Oil futures settled lower on Monday 18 July, losing more than 1% as traders dismissed worries of supply disruptions from the attempted coup in Turkey.
August West Texas Intermediate crude fell 71 cents, or 1.6%, to settle at US$45.24/bbl on the New York Mercantile Exchange. It had traded as high as US$46.14 overnight, according to FactSet. September Brent crude on London’s ICE Futures exchange declined by 65 cents, or 1.4%, to US$46.9/bbl.
Petroleum prices were “on the defensive” due to a “combination of relief that a coup attempt in Turkey failed to disrupt oil pipeline flows or tanker loadings, with prices falling back toward the bottom of their recent trading range,” said Tim Evans, Energy Analyst at Citi Futures and OTC Clearing.
For Brent, Evans sees the US$45.90 low for the September contract set on 11 July as “a key level to watch, with a break confirming that the market remains in an intermediate-term correction to the downside.”
Meanwhile, August WTI crude may experience some book squaring ahead of the 20 July contract expiration, he said.On Friday 15 July, oil prices got a boost by data that showed China’s second quarter gross domestic product grew 6.7%, stronger than analysts had expected. Concerns that the military coup in Turkey could hinder the flow of oil through the Turkish straits, a crucial shipping and trading route, also helped buoy prices in electronic trading late Friday and into the weekend. But prices dropped when it became clear that the Turkish ports were operating normally.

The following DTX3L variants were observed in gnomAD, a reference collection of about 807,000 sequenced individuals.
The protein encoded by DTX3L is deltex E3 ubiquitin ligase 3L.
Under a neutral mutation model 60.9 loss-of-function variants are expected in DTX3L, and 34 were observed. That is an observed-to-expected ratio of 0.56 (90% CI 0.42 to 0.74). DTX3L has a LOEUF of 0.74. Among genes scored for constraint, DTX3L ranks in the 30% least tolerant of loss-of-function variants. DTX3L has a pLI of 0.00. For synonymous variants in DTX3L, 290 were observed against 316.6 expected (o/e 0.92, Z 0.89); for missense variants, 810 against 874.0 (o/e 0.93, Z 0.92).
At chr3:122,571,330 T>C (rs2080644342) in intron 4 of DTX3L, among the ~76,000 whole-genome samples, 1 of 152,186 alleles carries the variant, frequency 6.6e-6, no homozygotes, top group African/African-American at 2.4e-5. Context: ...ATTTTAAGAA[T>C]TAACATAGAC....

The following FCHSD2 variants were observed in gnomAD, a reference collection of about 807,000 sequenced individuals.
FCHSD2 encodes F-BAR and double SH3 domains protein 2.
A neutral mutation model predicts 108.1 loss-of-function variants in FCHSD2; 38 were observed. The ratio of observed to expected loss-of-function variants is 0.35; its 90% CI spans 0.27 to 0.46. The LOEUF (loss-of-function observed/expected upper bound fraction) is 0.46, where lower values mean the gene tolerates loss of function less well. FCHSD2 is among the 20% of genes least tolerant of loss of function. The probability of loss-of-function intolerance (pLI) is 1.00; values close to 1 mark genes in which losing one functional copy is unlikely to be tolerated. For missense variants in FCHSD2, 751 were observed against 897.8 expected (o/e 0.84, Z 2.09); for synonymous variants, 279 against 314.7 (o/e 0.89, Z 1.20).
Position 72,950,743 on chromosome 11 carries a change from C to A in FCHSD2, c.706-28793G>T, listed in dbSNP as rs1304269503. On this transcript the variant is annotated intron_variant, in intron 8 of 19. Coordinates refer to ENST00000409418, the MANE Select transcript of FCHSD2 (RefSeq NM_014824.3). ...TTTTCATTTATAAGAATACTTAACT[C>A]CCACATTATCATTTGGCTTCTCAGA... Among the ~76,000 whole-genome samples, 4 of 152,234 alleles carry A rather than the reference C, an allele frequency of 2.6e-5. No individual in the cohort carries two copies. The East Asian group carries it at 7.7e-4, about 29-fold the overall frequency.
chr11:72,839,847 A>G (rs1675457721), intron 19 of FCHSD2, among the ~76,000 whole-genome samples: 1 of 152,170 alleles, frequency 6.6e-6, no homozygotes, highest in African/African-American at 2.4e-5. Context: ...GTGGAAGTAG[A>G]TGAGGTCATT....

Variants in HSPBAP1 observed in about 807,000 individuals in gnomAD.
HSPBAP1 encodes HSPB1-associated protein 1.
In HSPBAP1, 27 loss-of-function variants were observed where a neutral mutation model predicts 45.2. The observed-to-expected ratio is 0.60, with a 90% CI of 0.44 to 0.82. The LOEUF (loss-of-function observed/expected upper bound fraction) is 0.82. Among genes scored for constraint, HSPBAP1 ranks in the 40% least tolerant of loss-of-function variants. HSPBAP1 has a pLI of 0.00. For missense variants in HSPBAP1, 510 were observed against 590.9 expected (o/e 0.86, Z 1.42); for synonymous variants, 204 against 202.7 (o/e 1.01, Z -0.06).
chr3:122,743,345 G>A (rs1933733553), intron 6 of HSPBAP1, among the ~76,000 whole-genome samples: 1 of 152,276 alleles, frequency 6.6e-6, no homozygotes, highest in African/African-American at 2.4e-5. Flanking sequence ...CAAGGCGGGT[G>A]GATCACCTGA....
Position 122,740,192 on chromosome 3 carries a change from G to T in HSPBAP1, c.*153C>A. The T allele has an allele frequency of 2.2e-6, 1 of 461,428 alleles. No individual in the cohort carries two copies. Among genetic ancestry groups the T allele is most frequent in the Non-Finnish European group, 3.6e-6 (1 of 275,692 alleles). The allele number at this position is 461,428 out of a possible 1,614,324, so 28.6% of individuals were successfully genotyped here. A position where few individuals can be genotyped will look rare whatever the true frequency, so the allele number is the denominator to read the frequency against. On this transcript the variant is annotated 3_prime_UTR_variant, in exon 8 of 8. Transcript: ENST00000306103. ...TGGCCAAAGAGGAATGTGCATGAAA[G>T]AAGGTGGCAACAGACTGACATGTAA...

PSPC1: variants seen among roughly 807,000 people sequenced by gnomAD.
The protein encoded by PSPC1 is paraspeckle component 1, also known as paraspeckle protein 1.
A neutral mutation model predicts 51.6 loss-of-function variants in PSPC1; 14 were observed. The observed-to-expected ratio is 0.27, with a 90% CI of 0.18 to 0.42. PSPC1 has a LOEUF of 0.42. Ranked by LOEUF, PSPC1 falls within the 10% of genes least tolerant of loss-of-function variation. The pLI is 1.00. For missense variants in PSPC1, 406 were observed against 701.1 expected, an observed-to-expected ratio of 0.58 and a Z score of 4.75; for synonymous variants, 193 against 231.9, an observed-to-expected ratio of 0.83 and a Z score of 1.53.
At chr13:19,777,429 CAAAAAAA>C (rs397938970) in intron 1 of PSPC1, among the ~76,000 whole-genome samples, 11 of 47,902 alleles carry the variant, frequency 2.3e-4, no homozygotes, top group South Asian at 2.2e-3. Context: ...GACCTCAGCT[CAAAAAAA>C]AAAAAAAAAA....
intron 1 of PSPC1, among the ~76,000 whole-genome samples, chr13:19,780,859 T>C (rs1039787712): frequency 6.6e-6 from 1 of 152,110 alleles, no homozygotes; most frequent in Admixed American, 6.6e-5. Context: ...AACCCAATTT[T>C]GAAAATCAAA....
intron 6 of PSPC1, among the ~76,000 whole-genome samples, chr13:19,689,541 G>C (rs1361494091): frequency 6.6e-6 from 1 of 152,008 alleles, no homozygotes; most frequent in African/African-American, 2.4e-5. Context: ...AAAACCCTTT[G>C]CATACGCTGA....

“Prices were softer because oil transport was not interrupted as the coup unfolded,” said Ric Spooner, Chief Analyst at the Australia-based CMC Markets, who expects prices to move sideways this week on lack of strong catalysts.
A monthly report from the Energy Information Administration Monday, which came out shortly before oil futures settled, showed expectations for a decline of 99 000 bpd in US shale oil output for August, from July. The fall is smaller than the 118 000 bpd cutback the EIA had forecast for July.
Tyler Richey, co-editor of The 7:00’s Report, pointed out that weekly data from the EIA has continued to show a slower pace of overall crude production declines in the lower 48 states. “There is a pretty clear bearish trend of slowing output declines in the weekly data and strong possibility that US production is finding a floor around 8 million bpd in the lower 48.”
Broadly, there are signs that a growing glut of refined products could begin to weigh on crude prices. The oversupplied products markets, especially gasoline, means refiners will pull back on crude purchases, especially as the autumn maintenance season is only two months away, the New York-based bank Morgan Stanley said.
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